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Substantial undocumented infection facilitates the rapid dissemination of novel coronavirus (SARS-CoV2)

"Estimation of the prevalence and contagiousness of undocumented novel coronavirus (SARS-CoV2) infections is critical for understanding the overall prevalence and pandemic potential of this disease. Here we use observations of reported infection within China, in conjunction with mobility data, a networked dynamic metapopulation model and Bayesian inference, to infer critical epidemiological characteristics associated with SARS-CoV2, including the fraction of undocumented infections and their contagiousness. We estimate 86% of all infections were undocumented (95% CI: [82%–90%]) prior to 23 January 2020 travel restrictions. Per person, the transmission rate of undocumented infections was 55% of documented infections ([46%–62%]), yet, due to their greater numbers, undocumented infections were the infection source for 79% of documented cases. These findings explain the rapid geographic spread of SARS-CoV2 and indicate containment of this virus will be particularly challenging."

The race to patent the SARS virus: the TRIPS agreement and access to essential medicines

by Matthew Rimmer. "[This article considers the race to sequence the Severe Acute Respiratory Syndrome virus (‘the SARS virus’) in light of the debate over patent law and access to essential medicines. Part II evaluates the claims of public research institutions in Canada, the United States, and Hong Kong, and commercial companies, to patent rights in respect of the SARS virus. It highlights the dilemma of ‘defensive patenting’ — the tension between securing private patent rights and facilitating public disclosure of information and research. Part III considers the race to patent the SARS virus in light of wider policy debates over gene patents. It examines the application of such patent criteria as novelty, inventive step, utility, and secret use. It contends that there is a need to reform the patent system to accommodate the global nature of scientific inquiry, the unique nature of genetics, and the pace of technological change. Part IV examines the role played by the World Trade Organization and the World Health Organization in dealing with patent law and access to essential medicines. The article contends that there is a need to ensure that the patent system is sufficiently flexible and adaptable to accommodate international research efforts on infectious diseases.]"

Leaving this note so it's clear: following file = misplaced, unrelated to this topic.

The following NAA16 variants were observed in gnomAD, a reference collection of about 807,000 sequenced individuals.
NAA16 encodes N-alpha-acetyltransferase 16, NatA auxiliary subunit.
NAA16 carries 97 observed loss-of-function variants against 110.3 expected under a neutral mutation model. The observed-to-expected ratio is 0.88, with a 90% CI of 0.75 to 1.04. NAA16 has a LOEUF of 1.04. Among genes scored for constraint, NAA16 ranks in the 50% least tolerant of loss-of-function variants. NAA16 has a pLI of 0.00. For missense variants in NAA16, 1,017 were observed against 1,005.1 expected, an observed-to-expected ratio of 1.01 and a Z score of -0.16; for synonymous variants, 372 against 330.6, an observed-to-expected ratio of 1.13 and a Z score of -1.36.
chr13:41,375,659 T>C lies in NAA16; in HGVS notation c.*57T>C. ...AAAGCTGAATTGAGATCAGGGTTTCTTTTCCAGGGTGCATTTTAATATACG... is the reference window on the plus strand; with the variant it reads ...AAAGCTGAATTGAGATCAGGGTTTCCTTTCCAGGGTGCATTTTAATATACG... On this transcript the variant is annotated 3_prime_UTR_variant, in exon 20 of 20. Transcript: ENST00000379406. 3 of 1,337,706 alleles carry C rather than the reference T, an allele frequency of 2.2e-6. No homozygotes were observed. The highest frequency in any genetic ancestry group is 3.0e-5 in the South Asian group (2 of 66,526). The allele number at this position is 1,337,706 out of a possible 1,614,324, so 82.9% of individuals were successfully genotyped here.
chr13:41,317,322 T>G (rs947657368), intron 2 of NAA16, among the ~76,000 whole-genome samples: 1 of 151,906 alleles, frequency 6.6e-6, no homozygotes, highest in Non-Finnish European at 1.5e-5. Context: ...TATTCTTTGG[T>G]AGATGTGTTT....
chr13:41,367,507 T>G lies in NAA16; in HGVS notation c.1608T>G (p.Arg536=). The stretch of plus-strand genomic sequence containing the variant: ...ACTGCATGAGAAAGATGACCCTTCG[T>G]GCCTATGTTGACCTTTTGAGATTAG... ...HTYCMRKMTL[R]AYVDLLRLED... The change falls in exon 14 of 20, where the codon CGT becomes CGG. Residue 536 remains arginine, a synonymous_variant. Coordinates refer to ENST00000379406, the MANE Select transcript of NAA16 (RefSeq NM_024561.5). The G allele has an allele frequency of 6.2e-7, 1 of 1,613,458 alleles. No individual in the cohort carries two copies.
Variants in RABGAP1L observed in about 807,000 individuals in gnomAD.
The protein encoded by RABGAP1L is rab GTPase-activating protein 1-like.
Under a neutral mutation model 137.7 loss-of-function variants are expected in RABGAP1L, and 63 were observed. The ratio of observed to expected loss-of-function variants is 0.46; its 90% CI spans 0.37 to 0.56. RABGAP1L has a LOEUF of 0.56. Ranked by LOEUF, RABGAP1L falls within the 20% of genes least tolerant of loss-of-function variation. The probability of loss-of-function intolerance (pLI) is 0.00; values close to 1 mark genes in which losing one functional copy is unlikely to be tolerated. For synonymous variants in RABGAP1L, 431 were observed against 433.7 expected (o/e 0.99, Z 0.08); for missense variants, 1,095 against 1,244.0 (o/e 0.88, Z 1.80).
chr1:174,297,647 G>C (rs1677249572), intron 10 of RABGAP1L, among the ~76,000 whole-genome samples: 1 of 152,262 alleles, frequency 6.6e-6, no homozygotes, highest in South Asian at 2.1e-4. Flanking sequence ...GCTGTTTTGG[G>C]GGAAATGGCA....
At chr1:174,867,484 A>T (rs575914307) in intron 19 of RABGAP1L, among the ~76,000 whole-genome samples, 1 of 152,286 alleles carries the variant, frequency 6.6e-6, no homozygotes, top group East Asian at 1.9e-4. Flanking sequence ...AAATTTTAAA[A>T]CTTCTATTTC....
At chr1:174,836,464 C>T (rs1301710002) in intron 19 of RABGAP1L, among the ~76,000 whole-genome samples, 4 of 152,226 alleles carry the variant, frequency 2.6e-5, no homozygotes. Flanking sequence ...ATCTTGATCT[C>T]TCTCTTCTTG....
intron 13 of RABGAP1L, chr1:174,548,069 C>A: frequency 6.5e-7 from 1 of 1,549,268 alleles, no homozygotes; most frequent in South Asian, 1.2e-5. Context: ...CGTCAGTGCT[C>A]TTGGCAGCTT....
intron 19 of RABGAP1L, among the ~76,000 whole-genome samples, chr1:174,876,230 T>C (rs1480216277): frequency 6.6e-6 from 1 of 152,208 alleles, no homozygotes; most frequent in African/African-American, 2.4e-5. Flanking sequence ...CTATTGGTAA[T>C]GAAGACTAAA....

Clinical characteristics of 24 asymptomatic infections with COVID-19 screened among close contacts in Nanjing, China.